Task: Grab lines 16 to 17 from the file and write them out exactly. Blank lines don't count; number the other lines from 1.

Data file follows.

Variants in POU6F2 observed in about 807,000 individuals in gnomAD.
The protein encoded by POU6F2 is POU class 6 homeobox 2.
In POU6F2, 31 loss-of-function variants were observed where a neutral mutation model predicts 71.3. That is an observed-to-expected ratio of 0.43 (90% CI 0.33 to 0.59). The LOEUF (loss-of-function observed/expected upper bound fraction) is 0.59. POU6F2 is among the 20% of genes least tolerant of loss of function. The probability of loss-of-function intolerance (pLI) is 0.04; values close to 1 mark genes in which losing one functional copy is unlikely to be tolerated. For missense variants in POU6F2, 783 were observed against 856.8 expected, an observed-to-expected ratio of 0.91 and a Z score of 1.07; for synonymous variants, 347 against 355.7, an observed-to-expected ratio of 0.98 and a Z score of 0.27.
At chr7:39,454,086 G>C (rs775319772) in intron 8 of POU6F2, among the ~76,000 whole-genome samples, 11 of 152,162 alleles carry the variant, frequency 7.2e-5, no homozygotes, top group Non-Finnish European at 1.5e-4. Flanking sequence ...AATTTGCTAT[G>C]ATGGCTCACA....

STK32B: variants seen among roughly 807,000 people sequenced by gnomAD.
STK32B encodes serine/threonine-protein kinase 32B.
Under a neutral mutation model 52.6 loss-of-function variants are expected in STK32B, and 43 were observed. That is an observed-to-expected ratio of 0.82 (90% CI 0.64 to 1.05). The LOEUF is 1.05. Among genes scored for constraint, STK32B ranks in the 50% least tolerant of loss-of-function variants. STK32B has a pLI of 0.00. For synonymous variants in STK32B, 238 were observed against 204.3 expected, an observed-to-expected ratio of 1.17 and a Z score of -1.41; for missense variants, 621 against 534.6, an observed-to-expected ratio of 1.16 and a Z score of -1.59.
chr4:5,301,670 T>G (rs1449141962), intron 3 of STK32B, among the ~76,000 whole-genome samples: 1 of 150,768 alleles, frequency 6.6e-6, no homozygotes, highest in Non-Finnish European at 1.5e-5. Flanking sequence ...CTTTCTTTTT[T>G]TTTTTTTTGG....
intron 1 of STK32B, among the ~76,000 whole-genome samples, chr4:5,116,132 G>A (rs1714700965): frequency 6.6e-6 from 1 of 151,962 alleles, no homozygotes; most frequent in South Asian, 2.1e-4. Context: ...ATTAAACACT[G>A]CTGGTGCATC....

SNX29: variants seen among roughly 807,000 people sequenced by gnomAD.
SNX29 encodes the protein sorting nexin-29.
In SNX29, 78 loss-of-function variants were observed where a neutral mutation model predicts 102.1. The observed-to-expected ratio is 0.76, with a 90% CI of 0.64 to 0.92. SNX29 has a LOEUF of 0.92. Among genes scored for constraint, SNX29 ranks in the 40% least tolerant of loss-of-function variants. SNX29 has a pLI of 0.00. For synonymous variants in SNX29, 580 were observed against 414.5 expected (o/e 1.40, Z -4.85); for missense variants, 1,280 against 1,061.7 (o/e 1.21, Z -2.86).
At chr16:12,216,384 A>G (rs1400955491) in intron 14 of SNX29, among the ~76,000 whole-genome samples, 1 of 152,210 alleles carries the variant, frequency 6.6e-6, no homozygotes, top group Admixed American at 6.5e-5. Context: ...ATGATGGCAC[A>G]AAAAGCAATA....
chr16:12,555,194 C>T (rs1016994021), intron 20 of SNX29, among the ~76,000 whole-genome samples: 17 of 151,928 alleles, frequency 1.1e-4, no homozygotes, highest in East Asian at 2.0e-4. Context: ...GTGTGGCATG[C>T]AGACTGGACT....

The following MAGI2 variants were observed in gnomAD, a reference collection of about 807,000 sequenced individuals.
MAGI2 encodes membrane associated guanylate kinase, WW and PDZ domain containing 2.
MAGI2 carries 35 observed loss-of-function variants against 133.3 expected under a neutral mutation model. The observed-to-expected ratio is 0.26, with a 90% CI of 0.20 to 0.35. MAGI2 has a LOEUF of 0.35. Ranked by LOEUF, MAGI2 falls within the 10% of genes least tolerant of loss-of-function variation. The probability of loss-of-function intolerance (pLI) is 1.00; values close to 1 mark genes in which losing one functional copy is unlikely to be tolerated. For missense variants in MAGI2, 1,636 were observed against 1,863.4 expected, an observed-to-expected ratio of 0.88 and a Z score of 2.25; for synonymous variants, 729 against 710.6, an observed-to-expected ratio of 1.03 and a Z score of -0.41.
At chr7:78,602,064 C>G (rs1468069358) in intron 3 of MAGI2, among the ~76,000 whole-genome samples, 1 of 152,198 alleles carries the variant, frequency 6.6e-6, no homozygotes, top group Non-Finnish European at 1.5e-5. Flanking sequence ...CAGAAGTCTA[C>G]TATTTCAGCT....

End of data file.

MAGI2 encodes membrane associated guanylate kinase, WW and PDZ domain containing 2.
MAGI2 carries 35 observed loss-of-function variants against 133.3 expected under a neutral mutation model. The observed-to-expected ratio is 0.26, with a 90% CI of 0.20 to 0.35. MAGI2 has a LOEUF of 0.35. Ranked by LOEUF, MAGI2 falls within the 10% of genes least tolerant of loss-of-function variation. The probability of loss-of-function intolerance (pLI) is 1.00; values close to 1 mark genes in which losing one functional copy is unlikely to be tolerated. For missense variants in MAGI2, 1,636 were observed against 1,863.4 expected, an observed-to-expected ratio of 0.88 and a Z score of 2.25; for synonymous variants, 729 against 710.6, an observed-to-expected ratio of 1.03 and a Z score of -0.41.